Help to Buy is a government scheme aimed at helping more aspiring homebuyers purchase property. The scheme falls into two parts: an ‘equity loan’ and a type of insurance for mortgage lenders to help them offer more mortgages to people with small deposits. The Help to Buy equity loan is only available to homebuyers in England – money has been made available for Scotland, Wales and Northern Ireland to launch their own versions.
Checks and balances
The Help to Buy scheme is run by ‘Local HomeBuy agents’ appointed by the government to assess each application and make sure the buyer could not afford to buy a home without help – but can afford the mortgage repayments – using the Help to Buy scheme. So you can’t just choose to use the scheme if your income and savings suggest you can afford to buy without it.
How does the equity loan work?
The equity loan from the government is interest free for the first five years (not the mortgage!). You make two separate payments – one to the mortgage lender and one to the government. The Local HomeBuy agent appointed by the government will deal with the documentation and arrange the loan side of things. After five years you pay the government 1.75% interest on the loan, rising every year by the level of Retail Price Inflation (RPI) plus 1%.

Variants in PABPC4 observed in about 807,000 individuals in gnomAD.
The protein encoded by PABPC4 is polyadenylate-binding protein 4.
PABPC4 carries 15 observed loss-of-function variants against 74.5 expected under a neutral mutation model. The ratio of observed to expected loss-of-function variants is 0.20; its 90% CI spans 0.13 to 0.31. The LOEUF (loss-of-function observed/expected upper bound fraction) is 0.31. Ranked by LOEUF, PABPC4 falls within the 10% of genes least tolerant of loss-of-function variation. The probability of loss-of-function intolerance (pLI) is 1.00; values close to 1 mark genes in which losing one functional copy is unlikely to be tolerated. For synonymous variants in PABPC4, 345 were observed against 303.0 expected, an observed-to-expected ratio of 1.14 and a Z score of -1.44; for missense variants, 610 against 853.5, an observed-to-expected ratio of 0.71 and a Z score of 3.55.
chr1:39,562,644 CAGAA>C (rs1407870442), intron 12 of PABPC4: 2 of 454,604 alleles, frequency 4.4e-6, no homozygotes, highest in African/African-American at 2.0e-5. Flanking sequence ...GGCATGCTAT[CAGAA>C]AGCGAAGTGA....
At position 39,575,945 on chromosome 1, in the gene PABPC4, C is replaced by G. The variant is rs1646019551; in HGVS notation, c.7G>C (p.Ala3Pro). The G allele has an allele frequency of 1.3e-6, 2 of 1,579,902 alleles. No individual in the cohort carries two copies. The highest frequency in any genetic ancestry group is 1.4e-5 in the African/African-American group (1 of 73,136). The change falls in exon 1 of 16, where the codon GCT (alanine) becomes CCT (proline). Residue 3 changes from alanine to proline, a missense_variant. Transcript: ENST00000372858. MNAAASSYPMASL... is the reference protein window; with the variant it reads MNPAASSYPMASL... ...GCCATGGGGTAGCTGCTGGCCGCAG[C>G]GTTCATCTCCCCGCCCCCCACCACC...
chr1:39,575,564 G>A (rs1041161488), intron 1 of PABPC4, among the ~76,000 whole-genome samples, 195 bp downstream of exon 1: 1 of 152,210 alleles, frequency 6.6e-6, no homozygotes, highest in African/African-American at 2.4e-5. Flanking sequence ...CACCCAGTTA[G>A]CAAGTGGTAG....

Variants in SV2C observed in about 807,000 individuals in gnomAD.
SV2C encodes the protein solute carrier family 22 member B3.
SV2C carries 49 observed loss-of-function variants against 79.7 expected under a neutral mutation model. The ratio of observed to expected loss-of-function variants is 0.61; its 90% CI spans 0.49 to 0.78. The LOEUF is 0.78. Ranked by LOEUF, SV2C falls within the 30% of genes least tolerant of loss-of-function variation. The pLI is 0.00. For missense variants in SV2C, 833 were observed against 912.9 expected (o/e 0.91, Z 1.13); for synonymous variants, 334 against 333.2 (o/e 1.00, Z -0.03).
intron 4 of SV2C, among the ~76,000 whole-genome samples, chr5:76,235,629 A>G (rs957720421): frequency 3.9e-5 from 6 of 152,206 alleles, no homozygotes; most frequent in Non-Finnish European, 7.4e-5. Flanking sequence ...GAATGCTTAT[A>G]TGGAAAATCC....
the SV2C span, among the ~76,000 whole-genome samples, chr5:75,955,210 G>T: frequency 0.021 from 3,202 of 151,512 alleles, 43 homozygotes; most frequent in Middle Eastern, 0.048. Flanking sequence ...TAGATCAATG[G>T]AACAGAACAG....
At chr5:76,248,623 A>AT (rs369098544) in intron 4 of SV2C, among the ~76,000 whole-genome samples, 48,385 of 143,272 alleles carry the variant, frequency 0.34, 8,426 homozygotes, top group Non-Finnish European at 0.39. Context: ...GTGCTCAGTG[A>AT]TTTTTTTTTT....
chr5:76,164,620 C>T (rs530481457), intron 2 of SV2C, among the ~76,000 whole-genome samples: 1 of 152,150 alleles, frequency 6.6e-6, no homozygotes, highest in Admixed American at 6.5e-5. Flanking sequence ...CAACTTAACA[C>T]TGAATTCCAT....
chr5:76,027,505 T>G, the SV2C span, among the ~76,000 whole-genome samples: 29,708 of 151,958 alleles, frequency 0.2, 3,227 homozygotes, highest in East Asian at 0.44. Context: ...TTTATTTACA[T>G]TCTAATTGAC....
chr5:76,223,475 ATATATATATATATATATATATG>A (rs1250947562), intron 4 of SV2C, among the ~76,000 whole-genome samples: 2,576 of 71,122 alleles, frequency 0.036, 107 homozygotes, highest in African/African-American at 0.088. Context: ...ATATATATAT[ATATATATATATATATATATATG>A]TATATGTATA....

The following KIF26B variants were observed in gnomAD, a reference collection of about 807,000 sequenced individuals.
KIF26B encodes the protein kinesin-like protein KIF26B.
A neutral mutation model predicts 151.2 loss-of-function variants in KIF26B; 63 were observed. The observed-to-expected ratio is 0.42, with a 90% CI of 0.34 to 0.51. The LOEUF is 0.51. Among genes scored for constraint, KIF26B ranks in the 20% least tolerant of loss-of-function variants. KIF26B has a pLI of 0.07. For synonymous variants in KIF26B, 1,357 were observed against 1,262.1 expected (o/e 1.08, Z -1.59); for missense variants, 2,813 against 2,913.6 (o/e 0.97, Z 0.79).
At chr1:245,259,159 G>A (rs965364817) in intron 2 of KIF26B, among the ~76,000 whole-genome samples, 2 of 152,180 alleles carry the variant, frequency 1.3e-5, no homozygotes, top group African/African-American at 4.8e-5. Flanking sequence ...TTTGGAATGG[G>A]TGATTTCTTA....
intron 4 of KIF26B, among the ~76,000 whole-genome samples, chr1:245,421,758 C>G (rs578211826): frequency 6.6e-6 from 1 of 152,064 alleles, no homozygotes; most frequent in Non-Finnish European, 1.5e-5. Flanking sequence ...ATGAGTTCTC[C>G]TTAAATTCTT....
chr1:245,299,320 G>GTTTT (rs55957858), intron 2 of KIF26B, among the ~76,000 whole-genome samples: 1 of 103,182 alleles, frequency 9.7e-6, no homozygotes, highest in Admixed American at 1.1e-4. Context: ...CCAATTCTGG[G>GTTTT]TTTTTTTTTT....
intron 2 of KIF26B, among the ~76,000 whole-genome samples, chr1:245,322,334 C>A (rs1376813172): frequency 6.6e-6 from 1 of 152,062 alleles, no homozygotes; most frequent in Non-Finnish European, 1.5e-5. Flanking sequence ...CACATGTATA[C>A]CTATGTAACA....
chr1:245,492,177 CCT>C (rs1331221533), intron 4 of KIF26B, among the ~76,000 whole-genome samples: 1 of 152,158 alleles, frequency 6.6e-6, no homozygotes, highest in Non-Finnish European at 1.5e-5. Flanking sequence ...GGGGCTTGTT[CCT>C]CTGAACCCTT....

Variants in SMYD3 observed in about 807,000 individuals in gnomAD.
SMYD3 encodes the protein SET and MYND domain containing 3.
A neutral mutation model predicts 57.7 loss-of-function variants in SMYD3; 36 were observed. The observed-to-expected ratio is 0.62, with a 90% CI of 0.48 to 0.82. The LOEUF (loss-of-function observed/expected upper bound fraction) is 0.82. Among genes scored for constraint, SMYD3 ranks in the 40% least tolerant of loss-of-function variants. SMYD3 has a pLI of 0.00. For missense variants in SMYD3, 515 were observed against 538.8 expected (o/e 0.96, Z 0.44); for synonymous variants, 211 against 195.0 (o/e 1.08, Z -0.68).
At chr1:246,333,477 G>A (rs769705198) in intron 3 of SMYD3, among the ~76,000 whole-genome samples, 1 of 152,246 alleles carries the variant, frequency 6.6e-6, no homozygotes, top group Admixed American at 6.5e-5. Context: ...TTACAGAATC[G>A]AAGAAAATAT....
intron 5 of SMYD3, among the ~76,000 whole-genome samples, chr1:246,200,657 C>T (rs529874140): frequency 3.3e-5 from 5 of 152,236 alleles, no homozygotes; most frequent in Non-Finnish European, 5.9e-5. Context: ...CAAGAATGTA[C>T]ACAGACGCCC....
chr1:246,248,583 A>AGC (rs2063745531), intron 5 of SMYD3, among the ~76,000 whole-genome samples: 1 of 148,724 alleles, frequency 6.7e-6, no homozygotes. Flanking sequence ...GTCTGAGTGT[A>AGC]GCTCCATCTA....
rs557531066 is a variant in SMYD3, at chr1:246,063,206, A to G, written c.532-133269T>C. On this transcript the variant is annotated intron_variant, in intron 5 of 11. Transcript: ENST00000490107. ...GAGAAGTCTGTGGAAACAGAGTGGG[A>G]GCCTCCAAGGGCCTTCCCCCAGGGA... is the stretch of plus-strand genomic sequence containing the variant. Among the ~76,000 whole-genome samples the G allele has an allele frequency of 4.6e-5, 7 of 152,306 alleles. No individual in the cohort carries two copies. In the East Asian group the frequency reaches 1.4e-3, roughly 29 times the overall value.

Note that if you default on the payments on your equity loan, the government, which has a legal charge on your property, can pursue you for the money. You can pay back the loan at any time but you have to repay a minimum of 10% of the amount you owe at a time. As the government owns a stake in the equity of your property it shares in any increase in the value of your home – or any decrease. If, for example, you have bought a property for £200,000 using a £40,000 equity loan the government owns a 20% stake in your home. If, say, you sell for £250,000 five years later, the government gets back 20% of the sale price = £50,000.
What if the property loses value?
If you sell your home and you haven’t paid off the loan, you have to pay the government back its percentage stake. So if your property has fallen in value you have to repay the same proportion of the reduced value. Using the example above, if you bought for £200,000 with a £40,000 equity loan (20%) and sold, say, five years later for £150,000, you will owe the government 20% of £150,000 = £30,000. That is £10,000 less than you were loaned in the first place and the government takes the hit.
Help to Buy Part II
The second part of the government’s Help to Buy scheme is completely different from the loan scheme. It aims to encourage mortgage lenders to offer more mortgages to peoplewith smaller deposits by making it less risky for them to do so. This part of the scheme does not involve any active participation on the part of the borrower who should simply benefit from access to a larger number of mortgage deals.
**At present, this scheme has been stopped by the Government**